Additionally, this culture of nostalgia lingers indefinitely as a self-bolstering ideology; if the common sentiment held by the people under a liberal democracy living in parallel with the climax of history, the feeling that nothing can be new restricts the imaginations of what could be. Consequently, as leftists, it is critical to question the validity of historical materialism now more than ever.
Of course, any leftist can understand that Marx theorized that the driving force of change in political economy were material conditions that necessitated transformative efforts to be made. However, Fisher’s Capitalist Realism poses new questions after the alleged triumph of liberal democracy, the most salient of which begging if we can even progress beyond neoliberal hegemony.
As destructive as it is, capitalist realism engenders a societal malaise that perpetuates any new trend, movie, show, music, or product – all cultural happenings – to be predicated on mimicry of the past with specific intent of profit. Such reiterations of previous cultural developments are, again, a product of the cyclic belief that nothing ever feels new. Fisher notes in Capitalist Realism that “capitalism brings with it a massive desacralization of culture…Capitalism seamlessly occupies the horizons of the thinkable…[it] had seeped into the very unconscious…”. In essence, a rampant commodification and branding of what is already heard-of precludes the ability to imagine a society consisting of anything culturally unheard-of.
The cling to nostalgia is by no means a coincidence; rather, it remains and will continue to remain the ideological haven to those disillusioned with the undersupply of anything culturally valuable brought by modern capital. As Fisher puts it in Capitalist Realism, capital exists as “a strange hybrid of the ultra-modern and the archaic.” It exists as a disorganized medley that tries to reconcile the ever-changing times with the historical significance of some element of the past. Precisely so, vintage shops reap immense profits from selling their old-fashioned clothing articles that appeal to a population unsure of how to style with no alternatives ever offered to them. In the same manner, Nike can get away with their evolving shoebuilding practices that coincide with the commodification of Jackie Robinson’s contribution to the MLB that is disguised as a “commemoration”. All the while, Stranger Things and the Duffer brothers’ introduction of Surfer Boy Pizza created an avenue to do a partnership with Palermo’s that advertised a retro pizza box for sale at Walmart.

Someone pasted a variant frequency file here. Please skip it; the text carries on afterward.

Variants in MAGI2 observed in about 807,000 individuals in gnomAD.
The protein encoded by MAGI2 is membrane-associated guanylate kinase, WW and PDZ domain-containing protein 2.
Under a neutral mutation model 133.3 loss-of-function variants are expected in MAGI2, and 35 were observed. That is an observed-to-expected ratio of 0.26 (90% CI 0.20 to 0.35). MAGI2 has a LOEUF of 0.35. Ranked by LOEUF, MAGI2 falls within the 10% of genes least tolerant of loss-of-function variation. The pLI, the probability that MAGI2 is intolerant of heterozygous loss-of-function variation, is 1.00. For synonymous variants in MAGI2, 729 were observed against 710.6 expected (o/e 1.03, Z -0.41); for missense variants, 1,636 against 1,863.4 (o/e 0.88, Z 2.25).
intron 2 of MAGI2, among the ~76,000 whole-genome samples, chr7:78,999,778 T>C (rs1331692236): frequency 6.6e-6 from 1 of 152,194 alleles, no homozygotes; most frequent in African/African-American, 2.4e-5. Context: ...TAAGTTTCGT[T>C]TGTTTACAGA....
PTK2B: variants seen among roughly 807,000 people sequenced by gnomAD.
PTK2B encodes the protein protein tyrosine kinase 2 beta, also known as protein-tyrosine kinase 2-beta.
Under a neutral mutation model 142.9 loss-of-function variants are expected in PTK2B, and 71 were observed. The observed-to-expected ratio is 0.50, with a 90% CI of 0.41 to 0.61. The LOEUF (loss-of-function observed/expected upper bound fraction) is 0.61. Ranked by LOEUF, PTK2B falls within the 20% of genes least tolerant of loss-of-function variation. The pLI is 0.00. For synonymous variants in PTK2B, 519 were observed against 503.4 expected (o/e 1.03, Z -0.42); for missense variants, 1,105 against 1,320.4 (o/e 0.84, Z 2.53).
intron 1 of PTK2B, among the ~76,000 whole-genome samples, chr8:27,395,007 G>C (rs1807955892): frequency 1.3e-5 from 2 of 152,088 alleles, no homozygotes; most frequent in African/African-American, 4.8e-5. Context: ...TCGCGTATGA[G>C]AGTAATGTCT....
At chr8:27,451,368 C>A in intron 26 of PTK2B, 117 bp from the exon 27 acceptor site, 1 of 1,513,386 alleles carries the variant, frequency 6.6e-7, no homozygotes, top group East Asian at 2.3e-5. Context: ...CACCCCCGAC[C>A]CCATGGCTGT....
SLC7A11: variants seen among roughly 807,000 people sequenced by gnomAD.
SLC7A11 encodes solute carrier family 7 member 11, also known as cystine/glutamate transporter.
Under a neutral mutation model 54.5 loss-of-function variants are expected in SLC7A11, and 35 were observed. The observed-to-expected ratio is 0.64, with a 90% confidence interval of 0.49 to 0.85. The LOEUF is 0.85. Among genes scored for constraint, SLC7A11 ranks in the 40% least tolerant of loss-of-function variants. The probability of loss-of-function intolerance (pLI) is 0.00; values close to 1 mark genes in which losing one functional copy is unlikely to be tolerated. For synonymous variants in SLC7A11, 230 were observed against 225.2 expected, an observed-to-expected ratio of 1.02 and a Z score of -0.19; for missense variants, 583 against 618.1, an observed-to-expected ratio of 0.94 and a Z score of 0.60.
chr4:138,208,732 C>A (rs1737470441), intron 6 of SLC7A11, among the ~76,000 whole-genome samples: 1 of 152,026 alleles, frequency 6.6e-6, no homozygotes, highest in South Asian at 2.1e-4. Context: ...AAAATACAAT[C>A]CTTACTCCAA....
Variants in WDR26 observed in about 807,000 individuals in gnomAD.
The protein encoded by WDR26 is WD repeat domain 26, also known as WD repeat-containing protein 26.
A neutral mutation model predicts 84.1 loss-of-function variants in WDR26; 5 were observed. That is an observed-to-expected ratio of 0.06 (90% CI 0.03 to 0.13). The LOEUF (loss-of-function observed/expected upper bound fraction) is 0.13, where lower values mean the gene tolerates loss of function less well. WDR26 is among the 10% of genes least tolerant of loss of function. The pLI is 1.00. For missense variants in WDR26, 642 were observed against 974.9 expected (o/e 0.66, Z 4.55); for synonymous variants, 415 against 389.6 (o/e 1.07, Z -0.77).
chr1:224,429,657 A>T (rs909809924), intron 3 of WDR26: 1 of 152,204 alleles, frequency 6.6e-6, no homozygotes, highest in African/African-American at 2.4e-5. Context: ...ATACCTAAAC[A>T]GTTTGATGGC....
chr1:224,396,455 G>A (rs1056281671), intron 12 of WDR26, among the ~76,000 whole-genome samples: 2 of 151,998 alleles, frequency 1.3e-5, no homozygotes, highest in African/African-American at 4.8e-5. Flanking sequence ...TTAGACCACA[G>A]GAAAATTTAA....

As independent as the aforementioned examples sound, they all hold similarity in that they each contain historical elements that are inextricably tied with the profit-motive that has characterized capitalism since its inception as the reigning ideology.
While many of Mark Fisher’s theoretical contributions to the left have perceivably opened the doors for more pessimism, an inkling of hope exists for those willing to organize and challenge the limited sphere of imagination that was established under capitalist realism.
Vaughn Mitchell is a high school senior living outside Chicago. His political interests include the development and origins of labor unions, abolition movements in the 20th century, and the Land Back movement. After his final year of high school, he hopes to study data science and political science on the East Coast.